Some of the decisions you make as you retire could affect your income and lifestyle for the rest of your life. Yet, data suggests that many retirees aren’t taking financial advice and it could mean they face hardship in the future.
According to the Great British Retirement Survey, only 27% of retirees in 2021 sought the services of a professional financial adviser.
Separate research shows that many people prefer a DIY approach when managing their finances. A Scottish Widows report found that almost half of households have never accessed professional financial advice.
While financial advice that’s tailored to you can be valuable throughout your life, it can make a huge difference when you make milestone financial decisions.
If you’re nearing retirement and haven’t sought the support of an expert, here are seven compelling reasons to do so.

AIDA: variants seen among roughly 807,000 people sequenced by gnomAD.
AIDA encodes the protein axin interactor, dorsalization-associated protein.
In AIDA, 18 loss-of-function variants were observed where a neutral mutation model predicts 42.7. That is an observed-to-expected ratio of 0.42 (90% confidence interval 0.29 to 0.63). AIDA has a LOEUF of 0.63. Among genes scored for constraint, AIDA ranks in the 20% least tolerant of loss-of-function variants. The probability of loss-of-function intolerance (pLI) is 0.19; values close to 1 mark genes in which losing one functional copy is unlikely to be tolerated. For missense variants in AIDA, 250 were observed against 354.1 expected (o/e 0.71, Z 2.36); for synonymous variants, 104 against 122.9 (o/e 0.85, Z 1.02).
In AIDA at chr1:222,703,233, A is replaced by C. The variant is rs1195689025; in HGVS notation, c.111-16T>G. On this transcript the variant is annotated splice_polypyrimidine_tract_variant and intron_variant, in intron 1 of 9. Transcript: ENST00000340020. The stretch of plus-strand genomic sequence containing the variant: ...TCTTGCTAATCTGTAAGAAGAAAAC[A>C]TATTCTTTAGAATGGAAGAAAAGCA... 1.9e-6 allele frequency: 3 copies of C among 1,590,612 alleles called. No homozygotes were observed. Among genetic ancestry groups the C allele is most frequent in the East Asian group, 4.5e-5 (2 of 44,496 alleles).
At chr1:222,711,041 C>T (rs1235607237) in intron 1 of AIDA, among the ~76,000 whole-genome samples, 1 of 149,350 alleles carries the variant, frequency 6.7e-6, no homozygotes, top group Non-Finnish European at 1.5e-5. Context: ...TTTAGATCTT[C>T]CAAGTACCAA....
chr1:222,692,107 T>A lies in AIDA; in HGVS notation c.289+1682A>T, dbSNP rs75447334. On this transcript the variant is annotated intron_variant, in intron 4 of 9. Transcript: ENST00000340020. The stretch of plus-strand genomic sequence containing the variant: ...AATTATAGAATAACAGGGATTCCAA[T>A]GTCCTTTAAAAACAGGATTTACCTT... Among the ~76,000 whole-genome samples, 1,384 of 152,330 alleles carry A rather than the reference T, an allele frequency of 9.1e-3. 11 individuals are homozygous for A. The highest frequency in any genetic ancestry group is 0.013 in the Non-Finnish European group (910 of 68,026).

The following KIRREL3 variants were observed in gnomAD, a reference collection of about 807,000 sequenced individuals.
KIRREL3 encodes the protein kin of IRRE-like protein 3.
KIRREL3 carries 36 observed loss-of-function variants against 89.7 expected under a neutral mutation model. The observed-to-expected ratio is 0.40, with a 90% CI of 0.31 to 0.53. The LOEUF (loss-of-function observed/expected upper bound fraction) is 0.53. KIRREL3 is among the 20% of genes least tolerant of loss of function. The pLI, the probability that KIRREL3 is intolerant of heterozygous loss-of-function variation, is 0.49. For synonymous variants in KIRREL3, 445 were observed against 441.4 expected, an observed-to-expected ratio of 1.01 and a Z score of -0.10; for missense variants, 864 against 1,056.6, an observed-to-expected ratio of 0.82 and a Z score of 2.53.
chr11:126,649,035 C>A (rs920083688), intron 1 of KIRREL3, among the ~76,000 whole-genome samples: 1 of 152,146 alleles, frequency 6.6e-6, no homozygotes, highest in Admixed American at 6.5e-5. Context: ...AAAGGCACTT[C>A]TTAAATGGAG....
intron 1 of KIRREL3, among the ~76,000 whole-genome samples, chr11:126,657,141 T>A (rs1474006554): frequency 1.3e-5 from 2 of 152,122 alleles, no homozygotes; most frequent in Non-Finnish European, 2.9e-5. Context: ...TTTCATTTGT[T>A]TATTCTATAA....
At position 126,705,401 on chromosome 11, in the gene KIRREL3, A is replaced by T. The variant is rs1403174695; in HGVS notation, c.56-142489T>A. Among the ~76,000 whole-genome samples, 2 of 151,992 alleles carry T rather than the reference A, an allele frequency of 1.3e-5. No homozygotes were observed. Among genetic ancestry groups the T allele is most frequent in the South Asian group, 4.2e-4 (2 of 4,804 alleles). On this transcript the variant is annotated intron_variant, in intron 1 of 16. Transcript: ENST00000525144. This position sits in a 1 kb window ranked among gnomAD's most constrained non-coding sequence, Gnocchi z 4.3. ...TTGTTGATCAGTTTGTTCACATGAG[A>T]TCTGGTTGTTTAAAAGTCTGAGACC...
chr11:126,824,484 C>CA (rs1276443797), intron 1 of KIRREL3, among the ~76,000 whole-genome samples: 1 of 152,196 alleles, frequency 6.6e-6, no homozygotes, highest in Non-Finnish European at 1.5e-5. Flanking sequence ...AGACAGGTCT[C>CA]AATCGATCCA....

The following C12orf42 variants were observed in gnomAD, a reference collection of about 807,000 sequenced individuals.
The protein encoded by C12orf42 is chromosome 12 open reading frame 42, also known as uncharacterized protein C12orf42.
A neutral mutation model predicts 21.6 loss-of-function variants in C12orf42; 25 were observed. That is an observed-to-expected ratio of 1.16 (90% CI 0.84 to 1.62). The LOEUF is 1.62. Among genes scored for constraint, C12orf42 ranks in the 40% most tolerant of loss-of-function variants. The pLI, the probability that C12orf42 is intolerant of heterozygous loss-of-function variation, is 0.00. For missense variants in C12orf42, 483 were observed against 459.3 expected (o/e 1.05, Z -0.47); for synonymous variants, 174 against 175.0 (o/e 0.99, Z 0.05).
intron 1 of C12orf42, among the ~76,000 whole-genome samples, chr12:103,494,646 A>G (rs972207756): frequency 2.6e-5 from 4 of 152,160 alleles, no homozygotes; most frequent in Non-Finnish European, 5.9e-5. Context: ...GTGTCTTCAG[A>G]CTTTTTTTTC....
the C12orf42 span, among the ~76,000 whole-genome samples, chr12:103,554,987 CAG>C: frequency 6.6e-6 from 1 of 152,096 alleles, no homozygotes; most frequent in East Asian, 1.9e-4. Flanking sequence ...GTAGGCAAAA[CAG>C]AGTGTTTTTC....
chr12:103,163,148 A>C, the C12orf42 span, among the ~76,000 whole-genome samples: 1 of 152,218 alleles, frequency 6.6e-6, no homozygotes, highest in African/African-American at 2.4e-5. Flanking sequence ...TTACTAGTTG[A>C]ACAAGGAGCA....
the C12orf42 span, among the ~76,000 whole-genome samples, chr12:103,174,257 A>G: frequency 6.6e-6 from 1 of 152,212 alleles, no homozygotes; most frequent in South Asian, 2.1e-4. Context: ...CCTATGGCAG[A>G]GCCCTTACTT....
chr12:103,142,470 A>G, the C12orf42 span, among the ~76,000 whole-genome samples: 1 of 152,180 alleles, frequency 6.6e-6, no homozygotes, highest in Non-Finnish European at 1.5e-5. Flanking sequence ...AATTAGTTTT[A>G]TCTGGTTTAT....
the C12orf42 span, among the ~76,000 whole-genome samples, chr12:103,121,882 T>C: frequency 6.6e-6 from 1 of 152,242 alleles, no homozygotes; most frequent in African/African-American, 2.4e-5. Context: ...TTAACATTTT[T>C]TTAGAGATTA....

1. Understand your different pension options
One of the big decisions you’ll need to make when you retire is how and when to access your pension.
If you have a defined contribution (DC) pension, you are responsible for ensuring it will provide an income for the rest of your life.
There are several options you will need to weigh up. These include purchasing an annuity to create a guaranteed income or taking a flexible income.
Even if you have a defined benefit (DB) pension, which provides a regular income for the rest of your life, you may still need to make important decisions. For example, you may have the option to take a lump sum out of your pension if you accept a lower income.
These decisions can have a lifelong effect and may be overwhelming. A financial planner can explain the options to you and demonstrate what they would mean for your retirement.
2. Consider how you could use other assets to create an income
While your pension plays a crucial role in creating a retirement income, you may want to use other assets too.
Pulling together these different sources, from property to investments, can be complex. You will need to consider which sources to access first, the tax implications of doing so, and ensure you don’t deplete the assets too quickly.